The story so far: The Monetary Policy Committee (MPC) of the Reserve Bank of India (RBI) on Friday announced its decision to hold the benchmark repo rate unchanged at 4%. Vowing to stick with its ‘accommodative’ policy stance in the next fiscal year to help support economic recovery amid the COVID-19 pandemic, the MPC opined that inflation was likely to remain elevated, “barring transient relief in the winter months from prices of perishables”. This, it stressed, “constrains monetary policy at the current juncture from using the space available to act in support of growth”.
What is the projection on CPI inflation?
The rate-setting panel noted that the recovery appeared to be “far from being broad-based” and was dependent on sustained policy support, which the central bank offered through a raft of measures to ensure that credit availability remains adequate. Consumer Price Index (CPI) inflation, the RBI said, would average 6.8% for Q3 and 5.8% in Q4 — both levels above or close to the 6% upper bound of the target range for ensuring price stability — before easing to a 5.2% to 4.6% range in the first half of the next financial year, starting April 2021.
How does India measure retail inflation?
Inflation is the rate of change in the prices of a given set of items. India bases its retail inflation metrics on the Consumer Price Index (CPI). The index records changes in prices for a sample of family budget items that are representative of what consumers typically spend their household income on — food, fuel, housing, clothing, health, education, amusement and even paan, tobacco and intoxicants. The measure is based on a weighted average. That is, some items in the index may get greater weightage depending on their priority in a typical family’s budget. The CPI-based retail inflation is measured monthly and is published as a percentage value of change in the index from the corresponding year-earlier period. Data for a certain month are released by the Ministry of Statistics and Programme Implementation generally on the twelfth day of the subsequent month.
Why is faster inflation a concern for policymakers?
Faster retail inflation is indicative of prices of household items rising quickly. While inflation affects everyone, it is often referred to as a ‘tax on the poor’ as the low-income stratum of society bears the brunt. Persistent high inflation pushes several items out of reach for this category of consumers. For example, onions and potatoes are generally a key staple in an average Indian family’s diet. But, if the price of potatoes starts rising rapidly, a poor household is often forced to sharply reduce or forgo its consumption of this key source of essential nutrients, including carbohydrates. Over time, if unchecked, persistent high inflation erodes the value of money and hurts several other segments of the population, including the elderly living off a fixed pension. It hence ends up undermining a society’s consumptive capacity, and thereby, economic growth itself.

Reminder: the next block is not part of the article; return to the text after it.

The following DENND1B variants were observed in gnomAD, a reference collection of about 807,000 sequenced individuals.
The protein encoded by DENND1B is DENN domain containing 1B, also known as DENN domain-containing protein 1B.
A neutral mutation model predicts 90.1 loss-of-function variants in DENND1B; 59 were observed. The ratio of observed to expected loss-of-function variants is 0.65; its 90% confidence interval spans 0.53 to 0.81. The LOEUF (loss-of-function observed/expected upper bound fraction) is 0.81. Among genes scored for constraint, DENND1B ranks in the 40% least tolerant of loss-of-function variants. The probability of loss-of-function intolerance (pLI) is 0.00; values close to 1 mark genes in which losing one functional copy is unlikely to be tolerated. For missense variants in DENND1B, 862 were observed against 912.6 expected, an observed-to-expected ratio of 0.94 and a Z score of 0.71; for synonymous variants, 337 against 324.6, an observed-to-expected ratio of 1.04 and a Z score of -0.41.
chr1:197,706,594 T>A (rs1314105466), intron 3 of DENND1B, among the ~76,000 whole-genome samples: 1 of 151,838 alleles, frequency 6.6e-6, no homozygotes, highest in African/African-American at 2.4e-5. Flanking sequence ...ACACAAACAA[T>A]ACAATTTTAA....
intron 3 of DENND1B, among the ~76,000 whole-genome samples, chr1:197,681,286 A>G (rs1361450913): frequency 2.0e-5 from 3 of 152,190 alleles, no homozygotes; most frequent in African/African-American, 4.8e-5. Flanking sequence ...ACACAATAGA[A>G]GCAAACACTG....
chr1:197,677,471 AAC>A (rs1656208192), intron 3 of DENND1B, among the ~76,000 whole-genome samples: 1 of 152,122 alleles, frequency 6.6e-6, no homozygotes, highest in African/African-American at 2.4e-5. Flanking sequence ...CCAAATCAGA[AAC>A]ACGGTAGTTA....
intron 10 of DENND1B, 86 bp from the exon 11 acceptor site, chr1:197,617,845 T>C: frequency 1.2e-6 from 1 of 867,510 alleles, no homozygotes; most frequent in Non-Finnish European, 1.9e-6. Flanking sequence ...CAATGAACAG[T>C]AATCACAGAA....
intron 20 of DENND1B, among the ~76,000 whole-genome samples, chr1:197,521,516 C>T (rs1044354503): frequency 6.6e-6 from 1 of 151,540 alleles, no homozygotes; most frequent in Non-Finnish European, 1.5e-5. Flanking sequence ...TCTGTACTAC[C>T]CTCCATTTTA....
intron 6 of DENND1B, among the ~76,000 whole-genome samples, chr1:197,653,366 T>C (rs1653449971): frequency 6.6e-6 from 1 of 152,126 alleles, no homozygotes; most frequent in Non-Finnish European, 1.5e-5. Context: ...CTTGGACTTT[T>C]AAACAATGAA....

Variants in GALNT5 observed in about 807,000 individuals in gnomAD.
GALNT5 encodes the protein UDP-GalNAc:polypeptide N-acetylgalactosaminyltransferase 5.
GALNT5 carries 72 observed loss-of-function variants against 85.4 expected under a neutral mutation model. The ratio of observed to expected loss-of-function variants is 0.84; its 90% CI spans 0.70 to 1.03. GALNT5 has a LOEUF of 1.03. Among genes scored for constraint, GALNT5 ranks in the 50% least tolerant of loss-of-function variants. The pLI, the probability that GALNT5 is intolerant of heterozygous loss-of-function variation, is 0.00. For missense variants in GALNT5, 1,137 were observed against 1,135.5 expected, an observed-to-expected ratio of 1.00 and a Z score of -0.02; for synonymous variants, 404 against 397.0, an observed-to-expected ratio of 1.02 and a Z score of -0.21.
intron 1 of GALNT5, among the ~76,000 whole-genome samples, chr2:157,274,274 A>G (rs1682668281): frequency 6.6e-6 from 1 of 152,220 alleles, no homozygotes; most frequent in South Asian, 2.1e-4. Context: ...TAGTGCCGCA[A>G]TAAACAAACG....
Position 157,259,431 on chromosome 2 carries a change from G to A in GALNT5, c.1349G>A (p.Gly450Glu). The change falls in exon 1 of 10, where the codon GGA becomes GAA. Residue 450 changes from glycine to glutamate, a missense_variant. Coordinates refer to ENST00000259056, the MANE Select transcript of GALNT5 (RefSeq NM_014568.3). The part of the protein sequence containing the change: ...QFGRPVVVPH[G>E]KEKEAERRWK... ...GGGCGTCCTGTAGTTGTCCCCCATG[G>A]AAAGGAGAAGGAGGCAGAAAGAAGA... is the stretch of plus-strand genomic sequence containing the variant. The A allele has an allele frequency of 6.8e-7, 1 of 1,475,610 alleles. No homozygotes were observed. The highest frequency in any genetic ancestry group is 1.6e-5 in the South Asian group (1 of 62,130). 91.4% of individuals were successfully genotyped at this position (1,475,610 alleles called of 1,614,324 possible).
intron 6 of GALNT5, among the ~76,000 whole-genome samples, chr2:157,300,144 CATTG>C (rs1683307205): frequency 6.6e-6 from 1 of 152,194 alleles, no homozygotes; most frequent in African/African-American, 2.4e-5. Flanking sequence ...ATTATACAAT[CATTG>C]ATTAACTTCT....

What is the RBI’s role in tackling inflation?
The RBI’s explicit mandate is to conduct monetary policy. “The primary objective of monetary policy is to maintain price stability while keeping in mind the objective of growth. Price stability is a necessary precondition to sustainable growth,” the RBI states on its website.
In 2016, the Reserve Bank of India Act, 1934, was amended to provide a statutory basis for the implementation of a flexible inflation-targeting framework, where the Centre and the RBI would review and agree upon a specific inflation target every five years. Under this, 4% was set as the Consumer Price Index (CPI) inflation target for the period from August 5, 2016, to March 31, 2021, with the upper tolerance limit of 6% and the lower tolerance limit of 2%. To the extent that ensuring price stability is its primary goal, the RBI through its MPC must constantly assess not just current levels of inflation and prices of various goods and services in the economy, but also take into consideration inflation expectations both of consumers and financial markets so as to use an array of monetary tools, including interest rates, to contain inflation within its target range.
What is core inflation and why is it important?
Core inflation helps measure inflation after excluding the effects of temporary volatility, especially from prices of items such as fuel and food. For example, seasonal spikes in food prices may skew the inflation rate, but the effect is only transitory. The RBI’s action on rates, however, affects the economy with a lag, by which time the spikes in the price of those food items may have reversed. Viewing inflation after stripping out such volatility helps give it a better picture of the underlying trend in prices. In Friday’s statement, the MPC noted: “Cost-push pressures continue to impinge on core inflation, which has remained sticky and could firm up as economic activity normalises and demand picks up.”